CLEANING AND LUBRICATING FEATURES: K&B has added
two new features to enhance operating condition and longevity.
hole has been added to the front plate to aid in cleaning
the front or top bearing. Simply place an aerosol can of Liquid
Wrench (or similar product) up to the hole and back
flush the bearing. Continue to flush the bearing until you
see fresh cleaner come out under the flywheel. The bearing
may also be oiled in the same manner.
hole for the flex shaft has been added to the lower unit.
It is recommend that each time, before you run the unit, you
lubricate the cable with a mixture of 50% STP and 50% 20-50
weight oil. K&B still recommends that you continue to
remove, inspect and re-lube the flex cable (using Lube P/N
8449) on a continued basis.
We recommend after each days running, that you check
each bolt and screw for tightness.
For maximum life of propeller shaft bushing do
not operate engine out of the water for a period of longer
than thirty (30) to forty-five (45) seconds.
LOWER END: Tests have proven that the cable drive is far
superior to the gear drive. Maintenance is cut down to a minimum.
However, we ask that you occasionally check and lubricate
the flex cable. Check for excess wear and fraying. Do not
rotate the engine by flipping the propeller in a counter-clockwise
direction. Fraying and unwinding may occur. We recommend a
good silicone base lubricant such as K&B marine grease
(P/N 8449) for your outboard as well as other drive units.
PLUG: This Engine is designed to use the long reach glow
plug (K&B P/N 7311).
We recommend using K&B 525 (25% nitro) or K&B
Speed Fuel 550 (50% nitro).
An ABC type engine, (Aluminum, Brass, Chrome)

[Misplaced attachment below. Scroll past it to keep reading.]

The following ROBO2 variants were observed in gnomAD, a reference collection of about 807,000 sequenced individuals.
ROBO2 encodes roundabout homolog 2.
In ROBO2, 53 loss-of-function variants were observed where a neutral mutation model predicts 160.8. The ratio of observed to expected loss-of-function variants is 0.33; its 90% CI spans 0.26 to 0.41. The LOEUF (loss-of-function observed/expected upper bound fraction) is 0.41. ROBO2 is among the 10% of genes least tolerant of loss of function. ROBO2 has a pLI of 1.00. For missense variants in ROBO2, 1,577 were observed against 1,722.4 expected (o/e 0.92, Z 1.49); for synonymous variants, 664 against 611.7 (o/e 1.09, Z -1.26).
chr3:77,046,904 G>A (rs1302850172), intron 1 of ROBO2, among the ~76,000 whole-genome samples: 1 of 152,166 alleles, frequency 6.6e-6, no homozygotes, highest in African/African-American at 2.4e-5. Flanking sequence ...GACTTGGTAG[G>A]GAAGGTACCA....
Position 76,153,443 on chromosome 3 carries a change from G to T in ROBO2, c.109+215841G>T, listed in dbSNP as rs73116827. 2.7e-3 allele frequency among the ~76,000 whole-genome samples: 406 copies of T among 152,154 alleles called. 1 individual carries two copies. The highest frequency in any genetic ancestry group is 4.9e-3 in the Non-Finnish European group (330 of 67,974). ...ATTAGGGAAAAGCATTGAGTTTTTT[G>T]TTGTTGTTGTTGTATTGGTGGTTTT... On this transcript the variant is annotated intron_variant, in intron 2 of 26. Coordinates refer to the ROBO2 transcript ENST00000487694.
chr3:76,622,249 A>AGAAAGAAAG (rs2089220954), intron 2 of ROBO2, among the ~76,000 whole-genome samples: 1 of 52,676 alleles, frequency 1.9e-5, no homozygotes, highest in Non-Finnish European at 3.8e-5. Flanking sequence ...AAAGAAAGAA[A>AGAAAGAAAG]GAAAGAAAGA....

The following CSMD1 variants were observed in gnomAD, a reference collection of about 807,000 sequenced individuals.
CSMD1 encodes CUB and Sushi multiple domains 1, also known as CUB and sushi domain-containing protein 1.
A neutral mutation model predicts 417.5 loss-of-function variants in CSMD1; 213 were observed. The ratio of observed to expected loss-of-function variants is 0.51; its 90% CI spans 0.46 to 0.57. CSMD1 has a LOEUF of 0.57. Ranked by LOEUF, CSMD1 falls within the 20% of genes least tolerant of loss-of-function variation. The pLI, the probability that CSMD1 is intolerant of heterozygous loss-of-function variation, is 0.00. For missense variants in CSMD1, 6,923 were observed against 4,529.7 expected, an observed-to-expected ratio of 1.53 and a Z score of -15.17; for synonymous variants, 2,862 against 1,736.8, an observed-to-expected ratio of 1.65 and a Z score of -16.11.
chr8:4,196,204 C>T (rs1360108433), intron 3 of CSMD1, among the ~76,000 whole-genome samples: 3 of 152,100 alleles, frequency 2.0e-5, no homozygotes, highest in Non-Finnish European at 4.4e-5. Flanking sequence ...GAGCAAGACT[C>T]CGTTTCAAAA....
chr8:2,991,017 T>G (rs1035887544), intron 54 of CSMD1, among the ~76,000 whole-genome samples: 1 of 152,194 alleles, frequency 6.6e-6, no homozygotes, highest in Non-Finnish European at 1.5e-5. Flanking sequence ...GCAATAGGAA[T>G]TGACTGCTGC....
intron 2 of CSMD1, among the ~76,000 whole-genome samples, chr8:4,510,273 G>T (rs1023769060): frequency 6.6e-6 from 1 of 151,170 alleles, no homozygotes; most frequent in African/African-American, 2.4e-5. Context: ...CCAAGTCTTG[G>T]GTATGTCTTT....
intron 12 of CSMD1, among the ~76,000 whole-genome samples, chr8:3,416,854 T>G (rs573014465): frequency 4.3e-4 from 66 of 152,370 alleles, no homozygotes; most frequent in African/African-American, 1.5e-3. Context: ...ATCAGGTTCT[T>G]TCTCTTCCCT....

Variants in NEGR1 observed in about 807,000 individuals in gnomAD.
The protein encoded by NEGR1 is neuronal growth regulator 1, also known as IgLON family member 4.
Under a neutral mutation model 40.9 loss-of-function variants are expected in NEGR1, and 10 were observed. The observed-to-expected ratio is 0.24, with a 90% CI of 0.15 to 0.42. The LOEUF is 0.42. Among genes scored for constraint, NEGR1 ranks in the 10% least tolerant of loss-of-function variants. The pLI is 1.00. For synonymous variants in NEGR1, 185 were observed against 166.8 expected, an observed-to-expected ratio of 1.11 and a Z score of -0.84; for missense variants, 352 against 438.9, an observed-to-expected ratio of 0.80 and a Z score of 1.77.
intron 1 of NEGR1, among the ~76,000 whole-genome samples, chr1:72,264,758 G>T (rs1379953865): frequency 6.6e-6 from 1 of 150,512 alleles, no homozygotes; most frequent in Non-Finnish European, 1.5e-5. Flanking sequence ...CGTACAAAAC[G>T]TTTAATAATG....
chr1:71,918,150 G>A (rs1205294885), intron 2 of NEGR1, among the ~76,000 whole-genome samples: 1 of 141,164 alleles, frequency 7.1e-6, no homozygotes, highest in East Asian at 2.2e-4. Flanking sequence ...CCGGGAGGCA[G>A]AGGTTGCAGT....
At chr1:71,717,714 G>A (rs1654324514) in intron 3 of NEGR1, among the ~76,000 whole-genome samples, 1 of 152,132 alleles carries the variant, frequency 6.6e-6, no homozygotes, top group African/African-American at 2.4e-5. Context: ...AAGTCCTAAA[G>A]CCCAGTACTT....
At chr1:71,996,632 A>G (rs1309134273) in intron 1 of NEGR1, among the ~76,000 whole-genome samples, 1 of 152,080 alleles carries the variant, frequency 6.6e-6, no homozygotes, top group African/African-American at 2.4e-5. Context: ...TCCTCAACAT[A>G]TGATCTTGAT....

does not require prolonged break-in periods. However, we do
recommend that you run the engine at a slightly rich needle
valve setting for the first two runs. These runs should be
made with the engine installed on the boat and running in
the water for periods of not less than five (5) minutes each.
Typically, an engine will be ready for continuous full throttle
and a leaner needle valve setting after ten (10) to fifteen
(15) minutes of running.
If the engine is run at a lean needle valve setting
during the break-in period, the following may result.
and sleeve will overheat and score.
connecting rod, crankshaft and wrist pin will overheat from
lack of lubricant and seize, causing the lower con-rod bushing
to spin in the con-rod, or in extreme cases, the bottom of
the con-rod will break, causing damage to the crankcase, piston
crankshaft may seize inside the front plate and fracture.
ENGINE: The engine runs in a clockwise rotation. Make
certain that your starter motor is running in the same direction.
With the tank full of fuel, radio on and glow plug battery
leads off, fully open the carburetor, and with your finger
covering the carburetor venturi, spin the engine with the
starter for about a two second burst. This primes the engine.
Now close the carburetor to the starting position. Connect
the GLOW battery and spin the engine again. The engine should
fire up and run. We recommend that you start your engine close
to the water so that you will not have too far to walk with
the engine running, with no water circulating through the
cylinder head. It is also advised that you keep the engine
at a slow or not greater than a slightly fast idle until you
get into the water, as over revving plus overheating can damage
RECOMMENDATIONS: We recommend that you use a fuel filter
in your fuel system. Install the fuel filter on the fuel pickup
tubing between the tank and carburetor. It will keep foreign
matter from going into the carburetor to create clogging.
However, the filter also can clog up. Therefore, should it
clog, remove the filter from the fuel line and clean it as
per the manufacturers instructions.
Propellers are naturally an important factor. Most propellers
that are available on the market need balancing and cleaning
up. Unbalanced props cause cracks on boat hulls, not
to mention robbing your engine of horse power and your boat
of performance. So, balancing the prop is very important.
up the propeller means to sharpen the leading edges
of the blades and generally sanding, smoothing and polishing
the entire prop.